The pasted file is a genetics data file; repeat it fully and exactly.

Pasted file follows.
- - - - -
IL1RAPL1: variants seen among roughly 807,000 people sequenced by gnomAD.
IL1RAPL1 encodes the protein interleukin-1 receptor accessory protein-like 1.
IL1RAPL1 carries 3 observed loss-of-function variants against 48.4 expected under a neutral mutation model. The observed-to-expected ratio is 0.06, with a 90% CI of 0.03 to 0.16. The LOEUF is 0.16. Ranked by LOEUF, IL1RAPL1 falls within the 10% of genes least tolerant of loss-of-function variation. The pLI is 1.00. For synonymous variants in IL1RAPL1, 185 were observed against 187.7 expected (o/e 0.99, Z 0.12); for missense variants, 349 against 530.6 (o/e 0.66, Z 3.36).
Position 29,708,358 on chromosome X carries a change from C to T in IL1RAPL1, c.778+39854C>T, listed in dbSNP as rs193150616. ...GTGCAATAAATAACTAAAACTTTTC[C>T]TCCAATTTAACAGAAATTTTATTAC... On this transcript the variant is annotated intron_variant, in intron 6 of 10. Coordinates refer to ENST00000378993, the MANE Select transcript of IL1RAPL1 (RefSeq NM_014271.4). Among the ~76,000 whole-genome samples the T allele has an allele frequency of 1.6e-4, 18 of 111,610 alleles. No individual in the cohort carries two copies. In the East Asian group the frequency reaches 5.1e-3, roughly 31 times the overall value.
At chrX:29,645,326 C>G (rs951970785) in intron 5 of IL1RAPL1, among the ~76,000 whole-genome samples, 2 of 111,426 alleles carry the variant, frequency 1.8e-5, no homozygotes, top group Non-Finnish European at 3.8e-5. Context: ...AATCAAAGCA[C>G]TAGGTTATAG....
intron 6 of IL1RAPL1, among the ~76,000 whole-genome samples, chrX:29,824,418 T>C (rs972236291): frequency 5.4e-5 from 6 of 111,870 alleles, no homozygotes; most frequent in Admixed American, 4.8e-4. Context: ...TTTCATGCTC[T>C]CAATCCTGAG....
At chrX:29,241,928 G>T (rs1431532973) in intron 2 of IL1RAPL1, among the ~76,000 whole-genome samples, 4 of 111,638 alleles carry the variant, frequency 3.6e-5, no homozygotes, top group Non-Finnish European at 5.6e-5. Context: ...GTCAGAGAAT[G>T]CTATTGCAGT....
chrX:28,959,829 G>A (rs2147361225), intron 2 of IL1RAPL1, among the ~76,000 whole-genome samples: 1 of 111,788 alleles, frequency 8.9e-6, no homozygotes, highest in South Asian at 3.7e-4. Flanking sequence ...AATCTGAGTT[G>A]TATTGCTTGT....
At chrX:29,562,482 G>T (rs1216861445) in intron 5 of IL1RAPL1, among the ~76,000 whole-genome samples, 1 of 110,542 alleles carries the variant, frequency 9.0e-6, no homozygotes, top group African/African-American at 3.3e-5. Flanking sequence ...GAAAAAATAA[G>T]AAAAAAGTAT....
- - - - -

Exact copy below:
IL1RAPL1: variants seen among roughly 807,000 people sequenced by gnomAD.
IL1RAPL1 encodes the protein interleukin-1 receptor accessory protein-like 1.
IL1RAPL1 carries 3 observed loss-of-function variants against 48.4 expected under a neutral mutation model. The observed-to-expected ratio is 0.06, with a 90% CI of 0.03 to 0.16. The LOEUF is 0.16. Ranked by LOEUF, IL1RAPL1 falls within the 10% of genes least tolerant of loss-of-function variation. The pLI is 1.00. For synonymous variants in IL1RAPL1, 185 were observed against 187.7 expected (o/e 0.99, Z 0.12); for missense variants, 349 against 530.6 (o/e 0.66, Z 3.36).
Position 29,708,358 on chromosome X carries a change from C to T in IL1RAPL1, c.778+39854C>T, listed in dbSNP as rs193150616. ...GTGCAATAAATAACTAAAACTTTTC[C>T]TCCAATTTAACAGAAATTTTATTAC... On this transcript the variant is annotated intron_variant, in intron 6 of 10. Coordinates refer to ENST00000378993, the MANE Select transcript of IL1RAPL1 (RefSeq NM_014271.4). Among the ~76,000 whole-genome samples the T allele has an allele frequency of 1.6e-4, 18 of 111,610 alleles. No individual in the cohort carries two copies. In the East Asian group the frequency reaches 5.1e-3, roughly 31 times the overall value.
At chrX:29,645,326 C>G (rs951970785) in intron 5 of IL1RAPL1, among the ~76,000 whole-genome samples, 2 of 111,426 alleles carry the variant, frequency 1.8e-5, no homozygotes, top group Non-Finnish European at 3.8e-5. Context: ...AATCAAAGCA[C>G]TAGGTTATAG....
intron 6 of IL1RAPL1, among the ~76,000 whole-genome samples, chrX:29,824,418 T>C (rs972236291): frequency 5.4e-5 from 6 of 111,870 alleles, no homozygotes; most frequent in Admixed American, 4.8e-4. Context: ...TTTCATGCTC[T>C]CAATCCTGAG....
At chrX:29,241,928 G>T (rs1431532973) in intron 2 of IL1RAPL1, among the ~76,000 whole-genome samples, 4 of 111,638 alleles carry the variant, frequency 3.6e-5, no homozygotes, top group Non-Finnish European at 5.6e-5. Context: ...GTCAGAGAAT[G>T]CTATTGCAGT....
chrX:28,959,829 G>A (rs2147361225), intron 2 of IL1RAPL1, among the ~76,000 whole-genome samples: 1 of 111,788 alleles, frequency 8.9e-6, no homozygotes, highest in South Asian at 3.7e-4. Flanking sequence ...AATCTGAGTT[G>A]TATTGCTTGT....
At chrX:29,562,482 G>T (rs1216861445) in intron 5 of IL1RAPL1, among the ~76,000 whole-genome samples, 1 of 110,542 alleles carries the variant, frequency 9.0e-6, no homozygotes, top group African/African-American at 3.3e-5. Flanking sequence ...GAAAAAATAA[G>T]AAAAAAGTAT....